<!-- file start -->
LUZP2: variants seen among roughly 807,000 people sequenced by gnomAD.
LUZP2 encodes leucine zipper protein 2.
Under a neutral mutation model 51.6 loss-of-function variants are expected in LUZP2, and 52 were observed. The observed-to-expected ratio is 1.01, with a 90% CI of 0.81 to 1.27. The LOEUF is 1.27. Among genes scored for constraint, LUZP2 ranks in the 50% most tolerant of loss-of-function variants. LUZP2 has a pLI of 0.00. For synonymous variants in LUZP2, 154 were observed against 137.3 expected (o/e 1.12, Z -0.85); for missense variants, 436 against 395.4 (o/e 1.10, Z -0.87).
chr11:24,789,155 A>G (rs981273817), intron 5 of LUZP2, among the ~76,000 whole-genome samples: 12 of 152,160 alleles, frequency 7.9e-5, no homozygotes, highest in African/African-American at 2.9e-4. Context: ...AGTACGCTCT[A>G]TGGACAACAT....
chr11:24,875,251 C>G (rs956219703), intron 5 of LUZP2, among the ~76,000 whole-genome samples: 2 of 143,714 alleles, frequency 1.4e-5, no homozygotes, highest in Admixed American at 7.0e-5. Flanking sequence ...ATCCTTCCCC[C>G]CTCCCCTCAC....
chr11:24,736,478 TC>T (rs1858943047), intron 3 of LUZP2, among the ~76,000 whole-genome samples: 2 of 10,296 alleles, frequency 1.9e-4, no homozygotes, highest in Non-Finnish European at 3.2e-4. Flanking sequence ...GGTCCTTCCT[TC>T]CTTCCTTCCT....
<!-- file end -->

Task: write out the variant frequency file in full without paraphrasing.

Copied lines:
LUZP2: variants seen among roughly 807,000 people sequenced by gnomAD.
LUZP2 encodes leucine zipper protein 2.
Under a neutral mutation model 51.6 loss-of-function variants are expected in LUZP2, and 52 were observed. The observed-to-expected ratio is 1.01, with a 90% CI of 0.81 to 1.27. The LOEUF is 1.27. Among genes scored for constraint, LUZP2 ranks in the 50% most tolerant of loss-of-function variants. LUZP2 has a pLI of 0.00. For synonymous variants in LUZP2, 154 were observed against 137.3 expected (o/e 1.12, Z -0.85); for missense variants, 436 against 395.4 (o/e 1.10, Z -0.87).
chr11:24,789,155 A>G (rs981273817), intron 5 of LUZP2, among the ~76,000 whole-genome samples: 12 of 152,160 alleles, frequency 7.9e-5, no homozygotes, highest in African/African-American at 2.9e-4. Context: ...AGTACGCTCT[A>G]TGGACAACAT....
chr11:24,875,251 C>G (rs956219703), intron 5 of LUZP2, among the ~76,000 whole-genome samples: 2 of 143,714 alleles, frequency 1.4e-5, no homozygotes, highest in Admixed American at 7.0e-5. Flanking sequence ...ATCCTTCCCC[C>G]CTCCCCTCAC....
chr11:24,736,478 TC>T (rs1858943047), intron 3 of LUZP2, among the ~76,000 whole-genome samples: 2 of 10,296 alleles, frequency 1.9e-4, no homozygotes, highest in Non-Finnish European at 3.2e-4. Flanking sequence ...GGTCCTTCCT[TC>T]CTTCCTTCCT....